All Mitchel Gowing wanted to do was work. What he ended up with was being $4,000 in the hole after falling victim to a scam.
“I was totally under the impression I was doing legitimate work. All I wanted to do was find a job,” said Gowing.
Already employed, the 19-year-old Penticton man put his feelers out for a second job to put some extra cash in his pocket through a job website. In March he received an email that his application had been looked at and he was going to be selected to be a secret shopper in Penticton. A month later he was sent a letter of employment with a $989 cheque and a number for his handler with Alfa Group Services Inc., his new employer.
“I called him and he told me to deposit the cheque and I had an assignment to do at Wal-Mart to make purchases for $100. I was to keep some of the money for my work and the rest was to be forwarded through Western Union because they were also part of the assignment,” said Gowing.
The Penticton man completed his task and received another cheque and assignment. He said his handler told him to keep a portion of the money and the rest was to be forwarded through various Western Union locations so they could assess what each business was doing. Gowing said he also was provided forms that he filled out as part of the evaluation and faxed away. It wasn’t until he went to his bank to cash his income tax refund that he knew something was wrong.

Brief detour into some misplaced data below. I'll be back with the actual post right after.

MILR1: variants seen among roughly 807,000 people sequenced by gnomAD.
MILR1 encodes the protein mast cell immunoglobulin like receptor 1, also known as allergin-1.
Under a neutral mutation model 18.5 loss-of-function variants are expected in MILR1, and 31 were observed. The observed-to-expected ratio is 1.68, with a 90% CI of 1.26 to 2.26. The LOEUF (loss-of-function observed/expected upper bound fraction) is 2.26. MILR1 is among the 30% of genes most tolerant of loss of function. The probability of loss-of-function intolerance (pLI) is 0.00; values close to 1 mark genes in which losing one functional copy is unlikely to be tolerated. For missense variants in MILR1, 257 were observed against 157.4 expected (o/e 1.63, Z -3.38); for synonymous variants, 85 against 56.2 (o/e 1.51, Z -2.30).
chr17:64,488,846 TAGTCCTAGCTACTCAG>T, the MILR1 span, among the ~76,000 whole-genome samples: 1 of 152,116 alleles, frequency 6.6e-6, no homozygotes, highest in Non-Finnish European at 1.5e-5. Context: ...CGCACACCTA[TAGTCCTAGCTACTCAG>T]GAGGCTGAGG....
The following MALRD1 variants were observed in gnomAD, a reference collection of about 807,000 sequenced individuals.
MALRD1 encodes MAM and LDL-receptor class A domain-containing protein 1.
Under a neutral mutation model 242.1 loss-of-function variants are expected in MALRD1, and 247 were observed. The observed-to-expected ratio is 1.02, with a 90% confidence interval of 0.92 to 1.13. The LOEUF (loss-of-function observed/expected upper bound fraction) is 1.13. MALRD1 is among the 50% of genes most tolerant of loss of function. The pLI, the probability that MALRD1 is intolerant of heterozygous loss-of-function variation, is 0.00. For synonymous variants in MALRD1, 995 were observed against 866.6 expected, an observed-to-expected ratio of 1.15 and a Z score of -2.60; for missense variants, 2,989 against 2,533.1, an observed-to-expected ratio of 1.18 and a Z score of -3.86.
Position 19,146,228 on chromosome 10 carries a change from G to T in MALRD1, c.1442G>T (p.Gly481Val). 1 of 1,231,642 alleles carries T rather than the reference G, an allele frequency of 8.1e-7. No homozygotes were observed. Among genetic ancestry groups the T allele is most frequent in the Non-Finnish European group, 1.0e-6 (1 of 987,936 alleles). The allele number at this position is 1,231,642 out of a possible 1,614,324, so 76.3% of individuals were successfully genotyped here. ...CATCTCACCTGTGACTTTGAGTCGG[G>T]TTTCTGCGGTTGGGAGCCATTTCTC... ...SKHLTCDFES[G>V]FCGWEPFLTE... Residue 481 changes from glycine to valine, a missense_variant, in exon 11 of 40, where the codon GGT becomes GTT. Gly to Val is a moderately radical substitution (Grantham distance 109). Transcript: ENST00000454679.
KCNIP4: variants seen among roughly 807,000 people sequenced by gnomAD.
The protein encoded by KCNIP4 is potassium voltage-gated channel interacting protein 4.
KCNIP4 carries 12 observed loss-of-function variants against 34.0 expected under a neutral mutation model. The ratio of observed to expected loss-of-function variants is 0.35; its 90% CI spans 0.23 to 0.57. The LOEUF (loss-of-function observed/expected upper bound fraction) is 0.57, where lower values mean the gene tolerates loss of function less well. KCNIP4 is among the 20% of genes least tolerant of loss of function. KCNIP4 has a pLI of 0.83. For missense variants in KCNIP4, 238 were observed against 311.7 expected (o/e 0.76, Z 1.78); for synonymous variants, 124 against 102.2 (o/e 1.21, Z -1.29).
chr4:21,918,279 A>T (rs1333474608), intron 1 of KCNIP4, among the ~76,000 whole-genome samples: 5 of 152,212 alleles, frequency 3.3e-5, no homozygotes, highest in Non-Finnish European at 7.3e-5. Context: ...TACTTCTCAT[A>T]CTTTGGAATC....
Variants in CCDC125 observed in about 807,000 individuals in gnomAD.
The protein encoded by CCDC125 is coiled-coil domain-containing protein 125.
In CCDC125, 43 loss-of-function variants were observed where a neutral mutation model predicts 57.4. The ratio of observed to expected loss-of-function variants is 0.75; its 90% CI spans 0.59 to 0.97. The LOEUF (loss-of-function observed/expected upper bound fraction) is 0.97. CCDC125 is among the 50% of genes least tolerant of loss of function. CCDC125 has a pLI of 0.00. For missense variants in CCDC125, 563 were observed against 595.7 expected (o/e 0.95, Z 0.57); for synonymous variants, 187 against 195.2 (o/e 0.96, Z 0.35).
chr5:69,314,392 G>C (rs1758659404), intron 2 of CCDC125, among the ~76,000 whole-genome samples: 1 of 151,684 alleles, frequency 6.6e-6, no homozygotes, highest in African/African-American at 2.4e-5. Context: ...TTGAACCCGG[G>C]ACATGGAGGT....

“I was told my account had been frozen. I was pretty rattled,” he said. “I wasn’t quite sure what was happening but the numbers I was using to contact my handler were deactivated. It was pretty obvious then that there was a diabolical scheme going on and the only person to blame was me.”
The cheques Gowing had been receiving were fraudulent, and because the bank could not track who issued them, Gowing was held responsible for the $4,000 which was then funneled out of his savings to repay it. It wiped out an account he had built up to pay for his car and insurance.
“All of my savings were liquidated. Luckily my wonderful dad is just awesome and helped me pay some of it,” said Gowing. “The only money I had left was the money that wasn’t in my bank.”
Gowing decided to come forward with his story in order to warn others of the scam.
He has put forward a complaint to Penticton RCMP, who are investigating the matter, but more often than not, these types of scams do not result in charges filed.
This type of illegal activity was listed in the Better Business Bureau’s top 10 scams of 2012. The Mystery Shopping Providers Association said it’s not the practice of their members to pre-pay shoppers, and to look for legitimate jobs at www.mysteryshop.org.